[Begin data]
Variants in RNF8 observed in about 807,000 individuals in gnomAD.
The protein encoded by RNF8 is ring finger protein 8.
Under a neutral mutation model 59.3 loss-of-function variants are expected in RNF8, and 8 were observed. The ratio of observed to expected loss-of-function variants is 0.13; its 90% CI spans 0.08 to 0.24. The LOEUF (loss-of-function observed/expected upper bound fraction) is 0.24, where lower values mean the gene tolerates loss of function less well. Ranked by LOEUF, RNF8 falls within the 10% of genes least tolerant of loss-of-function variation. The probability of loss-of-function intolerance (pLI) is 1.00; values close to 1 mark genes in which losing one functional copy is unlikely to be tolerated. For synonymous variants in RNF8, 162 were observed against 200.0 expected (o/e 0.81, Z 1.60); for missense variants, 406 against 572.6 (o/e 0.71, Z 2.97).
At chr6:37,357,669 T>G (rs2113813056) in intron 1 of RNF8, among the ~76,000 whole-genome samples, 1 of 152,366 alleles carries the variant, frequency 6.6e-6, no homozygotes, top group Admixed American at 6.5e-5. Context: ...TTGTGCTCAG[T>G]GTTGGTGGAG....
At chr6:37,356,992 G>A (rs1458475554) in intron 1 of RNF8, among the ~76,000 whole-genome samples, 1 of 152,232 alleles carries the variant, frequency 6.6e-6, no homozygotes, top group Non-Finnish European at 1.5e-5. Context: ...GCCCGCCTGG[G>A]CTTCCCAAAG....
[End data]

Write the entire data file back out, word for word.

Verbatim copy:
Variants in RNF8 observed in about 807,000 individuals in gnomAD.
The protein encoded by RNF8 is ring finger protein 8.
Under a neutral mutation model 59.3 loss-of-function variants are expected in RNF8, and 8 were observed. The ratio of observed to expected loss-of-function variants is 0.13; its 90% CI spans 0.08 to 0.24. The LOEUF (loss-of-function observed/expected upper bound fraction) is 0.24, where lower values mean the gene tolerates loss of function less well. Ranked by LOEUF, RNF8 falls within the 10% of genes least tolerant of loss-of-function variation. The probability of loss-of-function intolerance (pLI) is 1.00; values close to 1 mark genes in which losing one functional copy is unlikely to be tolerated. For synonymous variants in RNF8, 162 were observed against 200.0 expected (o/e 0.81, Z 1.60); for missense variants, 406 against 572.6 (o/e 0.71, Z 2.97).
At chr6:37,357,669 T>G (rs2113813056) in intron 1 of RNF8, among the ~76,000 whole-genome samples, 1 of 152,366 alleles carries the variant, frequency 6.6e-6, no homozygotes, top group Admixed American at 6.5e-5. Context: ...TTGTGCTCAG[T>G]GTTGGTGGAG....
At chr6:37,356,992 G>A (rs1458475554) in intron 1 of RNF8, among the ~76,000 whole-genome samples, 1 of 152,232 alleles carries the variant, frequency 6.6e-6, no homozygotes, top group Non-Finnish European at 1.5e-5. Context: ...GCCCGCCTGG[G>A]CTTCCCAAAG....